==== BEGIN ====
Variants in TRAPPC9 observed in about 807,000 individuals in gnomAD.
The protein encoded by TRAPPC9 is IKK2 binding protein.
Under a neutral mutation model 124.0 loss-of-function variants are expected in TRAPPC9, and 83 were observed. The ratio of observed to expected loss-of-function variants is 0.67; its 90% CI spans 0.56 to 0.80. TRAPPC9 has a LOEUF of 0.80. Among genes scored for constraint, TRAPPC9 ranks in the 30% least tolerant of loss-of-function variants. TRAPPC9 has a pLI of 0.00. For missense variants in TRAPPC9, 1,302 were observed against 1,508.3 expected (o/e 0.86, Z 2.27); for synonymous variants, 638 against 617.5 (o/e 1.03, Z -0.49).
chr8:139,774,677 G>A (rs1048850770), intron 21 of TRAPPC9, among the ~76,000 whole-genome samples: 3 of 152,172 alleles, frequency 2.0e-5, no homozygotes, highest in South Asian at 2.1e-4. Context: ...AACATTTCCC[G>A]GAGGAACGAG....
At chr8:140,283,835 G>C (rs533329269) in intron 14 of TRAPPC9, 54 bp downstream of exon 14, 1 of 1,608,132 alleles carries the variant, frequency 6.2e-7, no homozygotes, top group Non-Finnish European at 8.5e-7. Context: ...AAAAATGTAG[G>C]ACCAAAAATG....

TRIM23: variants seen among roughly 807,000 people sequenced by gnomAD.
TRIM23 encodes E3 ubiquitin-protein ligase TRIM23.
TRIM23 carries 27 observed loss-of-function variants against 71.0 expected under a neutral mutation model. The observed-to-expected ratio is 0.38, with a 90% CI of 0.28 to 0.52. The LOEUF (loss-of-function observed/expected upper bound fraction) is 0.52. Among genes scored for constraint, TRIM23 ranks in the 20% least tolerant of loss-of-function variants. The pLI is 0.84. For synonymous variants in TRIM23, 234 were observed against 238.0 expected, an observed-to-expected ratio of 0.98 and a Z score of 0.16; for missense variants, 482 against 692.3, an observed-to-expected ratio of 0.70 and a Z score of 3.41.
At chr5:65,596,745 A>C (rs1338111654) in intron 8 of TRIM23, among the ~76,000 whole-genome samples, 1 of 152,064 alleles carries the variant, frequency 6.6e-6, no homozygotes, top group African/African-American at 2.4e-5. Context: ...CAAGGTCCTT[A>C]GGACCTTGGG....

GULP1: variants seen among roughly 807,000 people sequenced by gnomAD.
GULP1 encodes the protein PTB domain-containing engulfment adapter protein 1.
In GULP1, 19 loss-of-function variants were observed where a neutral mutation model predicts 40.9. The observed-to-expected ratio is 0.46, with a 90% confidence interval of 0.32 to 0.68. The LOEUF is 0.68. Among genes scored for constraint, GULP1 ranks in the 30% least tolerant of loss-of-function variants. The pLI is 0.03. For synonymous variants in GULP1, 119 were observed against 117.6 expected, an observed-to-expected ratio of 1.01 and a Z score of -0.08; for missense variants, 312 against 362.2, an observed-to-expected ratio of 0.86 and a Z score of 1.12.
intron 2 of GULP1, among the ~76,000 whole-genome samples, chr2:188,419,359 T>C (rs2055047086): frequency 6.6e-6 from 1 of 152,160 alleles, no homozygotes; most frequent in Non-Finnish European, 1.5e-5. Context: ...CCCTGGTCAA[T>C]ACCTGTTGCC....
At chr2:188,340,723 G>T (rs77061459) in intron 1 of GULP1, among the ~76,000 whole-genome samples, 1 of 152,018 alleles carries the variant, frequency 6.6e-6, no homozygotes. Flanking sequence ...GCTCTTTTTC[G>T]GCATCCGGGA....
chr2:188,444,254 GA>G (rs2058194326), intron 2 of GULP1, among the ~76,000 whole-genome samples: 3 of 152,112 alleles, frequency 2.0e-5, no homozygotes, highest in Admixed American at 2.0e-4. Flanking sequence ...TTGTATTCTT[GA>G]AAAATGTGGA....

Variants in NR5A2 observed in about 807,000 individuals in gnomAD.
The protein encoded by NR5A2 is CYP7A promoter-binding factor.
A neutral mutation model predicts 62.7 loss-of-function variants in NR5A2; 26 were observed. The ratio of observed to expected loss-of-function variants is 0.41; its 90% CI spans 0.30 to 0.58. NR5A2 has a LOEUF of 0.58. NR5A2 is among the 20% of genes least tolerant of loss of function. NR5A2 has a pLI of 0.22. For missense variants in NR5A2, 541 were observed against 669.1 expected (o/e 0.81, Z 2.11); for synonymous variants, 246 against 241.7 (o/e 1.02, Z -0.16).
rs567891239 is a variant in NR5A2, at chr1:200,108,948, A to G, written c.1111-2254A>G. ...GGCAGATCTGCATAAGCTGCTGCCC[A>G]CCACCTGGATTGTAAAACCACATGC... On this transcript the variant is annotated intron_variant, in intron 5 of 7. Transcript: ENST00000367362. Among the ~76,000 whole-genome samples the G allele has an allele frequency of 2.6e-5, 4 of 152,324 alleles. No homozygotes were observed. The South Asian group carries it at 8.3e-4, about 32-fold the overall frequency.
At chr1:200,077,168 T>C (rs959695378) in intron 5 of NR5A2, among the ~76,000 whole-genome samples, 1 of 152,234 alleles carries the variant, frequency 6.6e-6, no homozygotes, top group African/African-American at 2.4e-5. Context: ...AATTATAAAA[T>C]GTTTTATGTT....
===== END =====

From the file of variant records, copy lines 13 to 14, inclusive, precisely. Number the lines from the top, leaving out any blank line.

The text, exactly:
intron 2 of GULP1, among the ~76,000 whole-genome samples, chr2:188,419,359 T>C (rs2055047086): frequency 6.6e-6 from 1 of 152,160 alleles, no homozygotes; most frequent in Non-Finnish European, 1.5e-5. Context: ...CCCTGGTCAA[T>C]ACCTGTTGCC....
At chr2:188,340,723 G>T (rs77061459) in intron 1 of GULP1, among the ~76,000 whole-genome samples, 1 of 152,018 alleles carries the variant, frequency 6.6e-6, no homozygotes. Flanking sequence ...GCTCTTTTTC[G>T]GCATCCGGGA....